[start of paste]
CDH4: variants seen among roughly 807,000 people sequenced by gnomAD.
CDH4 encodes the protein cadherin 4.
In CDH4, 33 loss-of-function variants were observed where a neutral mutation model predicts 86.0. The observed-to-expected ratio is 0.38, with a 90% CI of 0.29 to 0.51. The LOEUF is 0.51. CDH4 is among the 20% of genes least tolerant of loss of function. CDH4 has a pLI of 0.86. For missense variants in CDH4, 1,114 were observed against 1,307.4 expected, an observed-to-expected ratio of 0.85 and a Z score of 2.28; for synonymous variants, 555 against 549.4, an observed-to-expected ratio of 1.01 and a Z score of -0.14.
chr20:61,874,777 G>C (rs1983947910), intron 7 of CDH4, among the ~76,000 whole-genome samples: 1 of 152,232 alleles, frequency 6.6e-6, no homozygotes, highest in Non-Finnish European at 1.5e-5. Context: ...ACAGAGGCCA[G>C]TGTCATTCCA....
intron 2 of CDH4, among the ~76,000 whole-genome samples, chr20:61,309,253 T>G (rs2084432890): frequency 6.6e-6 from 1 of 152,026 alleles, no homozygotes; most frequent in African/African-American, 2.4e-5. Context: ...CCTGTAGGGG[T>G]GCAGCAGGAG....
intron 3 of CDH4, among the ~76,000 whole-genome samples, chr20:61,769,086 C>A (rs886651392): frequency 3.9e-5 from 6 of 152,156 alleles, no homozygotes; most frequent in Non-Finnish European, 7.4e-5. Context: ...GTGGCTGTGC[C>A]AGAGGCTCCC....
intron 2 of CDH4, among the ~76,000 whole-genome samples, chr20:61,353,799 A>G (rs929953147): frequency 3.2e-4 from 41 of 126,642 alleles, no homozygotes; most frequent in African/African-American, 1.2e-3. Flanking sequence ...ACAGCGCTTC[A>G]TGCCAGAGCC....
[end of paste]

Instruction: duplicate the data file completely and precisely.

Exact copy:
CDH4: variants seen among roughly 807,000 people sequenced by gnomAD.
CDH4 encodes the protein cadherin 4.
In CDH4, 33 loss-of-function variants were observed where a neutral mutation model predicts 86.0. The observed-to-expected ratio is 0.38, with a 90% CI of 0.29 to 0.51. The LOEUF is 0.51. CDH4 is among the 20% of genes least tolerant of loss of function. CDH4 has a pLI of 0.86. For missense variants in CDH4, 1,114 were observed against 1,307.4 expected, an observed-to-expected ratio of 0.85 and a Z score of 2.28; for synonymous variants, 555 against 549.4, an observed-to-expected ratio of 1.01 and a Z score of -0.14.
chr20:61,874,777 G>C (rs1983947910), intron 7 of CDH4, among the ~76,000 whole-genome samples: 1 of 152,232 alleles, frequency 6.6e-6, no homozygotes, highest in Non-Finnish European at 1.5e-5. Context: ...ACAGAGGCCA[G>C]TGTCATTCCA....
intron 2 of CDH4, among the ~76,000 whole-genome samples, chr20:61,309,253 T>G (rs2084432890): frequency 6.6e-6 from 1 of 152,026 alleles, no homozygotes; most frequent in African/African-American, 2.4e-5. Context: ...CCTGTAGGGG[T>G]GCAGCAGGAG....
intron 3 of CDH4, among the ~76,000 whole-genome samples, chr20:61,769,086 C>A (rs886651392): frequency 3.9e-5 from 6 of 152,156 alleles, no homozygotes; most frequent in Non-Finnish European, 7.4e-5. Context: ...GTGGCTGTGC[C>A]AGAGGCTCCC....
intron 2 of CDH4, among the ~76,000 whole-genome samples, chr20:61,353,799 A>G (rs929953147): frequency 3.2e-4 from 41 of 126,642 alleles, no homozygotes; most frequent in African/African-American, 1.2e-3. Flanking sequence ...ACAGCGCTTC[A>G]TGCCAGAGCC....